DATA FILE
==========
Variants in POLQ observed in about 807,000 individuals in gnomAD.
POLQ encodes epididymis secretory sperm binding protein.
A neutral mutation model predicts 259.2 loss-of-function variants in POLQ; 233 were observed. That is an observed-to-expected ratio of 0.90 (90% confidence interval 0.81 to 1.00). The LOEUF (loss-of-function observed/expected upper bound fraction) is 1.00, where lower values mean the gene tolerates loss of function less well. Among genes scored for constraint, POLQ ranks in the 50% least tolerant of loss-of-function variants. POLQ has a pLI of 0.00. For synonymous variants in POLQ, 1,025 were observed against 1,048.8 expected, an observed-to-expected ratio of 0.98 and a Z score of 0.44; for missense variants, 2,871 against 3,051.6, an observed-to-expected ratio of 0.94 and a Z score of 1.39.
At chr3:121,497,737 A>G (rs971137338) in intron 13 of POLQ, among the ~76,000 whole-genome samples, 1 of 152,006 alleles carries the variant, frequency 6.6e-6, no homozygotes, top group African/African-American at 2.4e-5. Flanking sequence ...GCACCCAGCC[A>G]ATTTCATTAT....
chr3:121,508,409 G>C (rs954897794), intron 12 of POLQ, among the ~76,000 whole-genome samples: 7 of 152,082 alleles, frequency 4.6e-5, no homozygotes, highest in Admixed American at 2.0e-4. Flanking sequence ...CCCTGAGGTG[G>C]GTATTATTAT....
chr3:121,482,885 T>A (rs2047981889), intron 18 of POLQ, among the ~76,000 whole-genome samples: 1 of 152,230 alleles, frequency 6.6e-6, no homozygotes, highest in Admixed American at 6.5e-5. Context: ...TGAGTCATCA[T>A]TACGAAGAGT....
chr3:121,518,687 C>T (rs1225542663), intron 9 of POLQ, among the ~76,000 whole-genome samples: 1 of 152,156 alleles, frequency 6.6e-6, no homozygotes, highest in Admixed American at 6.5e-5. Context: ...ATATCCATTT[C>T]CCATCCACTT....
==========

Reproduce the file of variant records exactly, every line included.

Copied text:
Variants in POLQ observed in about 807,000 individuals in gnomAD.
POLQ encodes epididymis secretory sperm binding protein.
A neutral mutation model predicts 259.2 loss-of-function variants in POLQ; 233 were observed. That is an observed-to-expected ratio of 0.90 (90% confidence interval 0.81 to 1.00). The LOEUF (loss-of-function observed/expected upper bound fraction) is 1.00, where lower values mean the gene tolerates loss of function less well. Among genes scored for constraint, POLQ ranks in the 50% least tolerant of loss-of-function variants. POLQ has a pLI of 0.00. For synonymous variants in POLQ, 1,025 were observed against 1,048.8 expected, an observed-to-expected ratio of 0.98 and a Z score of 0.44; for missense variants, 2,871 against 3,051.6, an observed-to-expected ratio of 0.94 and a Z score of 1.39.
At chr3:121,497,737 A>G (rs971137338) in intron 13 of POLQ, among the ~76,000 whole-genome samples, 1 of 152,006 alleles carries the variant, frequency 6.6e-6, no homozygotes, top group African/African-American at 2.4e-5. Flanking sequence ...GCACCCAGCC[A>G]ATTTCATTAT....
chr3:121,508,409 G>C (rs954897794), intron 12 of POLQ, among the ~76,000 whole-genome samples: 7 of 152,082 alleles, frequency 4.6e-5, no homozygotes, highest in Admixed American at 2.0e-4. Flanking sequence ...CCCTGAGGTG[G>C]GTATTATTAT....
chr3:121,482,885 T>A (rs2047981889), intron 18 of POLQ, among the ~76,000 whole-genome samples: 1 of 152,230 alleles, frequency 6.6e-6, no homozygotes, highest in Admixed American at 6.5e-5. Context: ...TGAGTCATCA[T>A]TACGAAGAGT....
chr3:121,518,687 C>T (rs1225542663), intron 9 of POLQ, among the ~76,000 whole-genome samples: 1 of 152,156 alleles, frequency 6.6e-6, no homozygotes, highest in Admixed American at 6.5e-5. Context: ...ATATCCATTT[C>T]CCATCCACTT....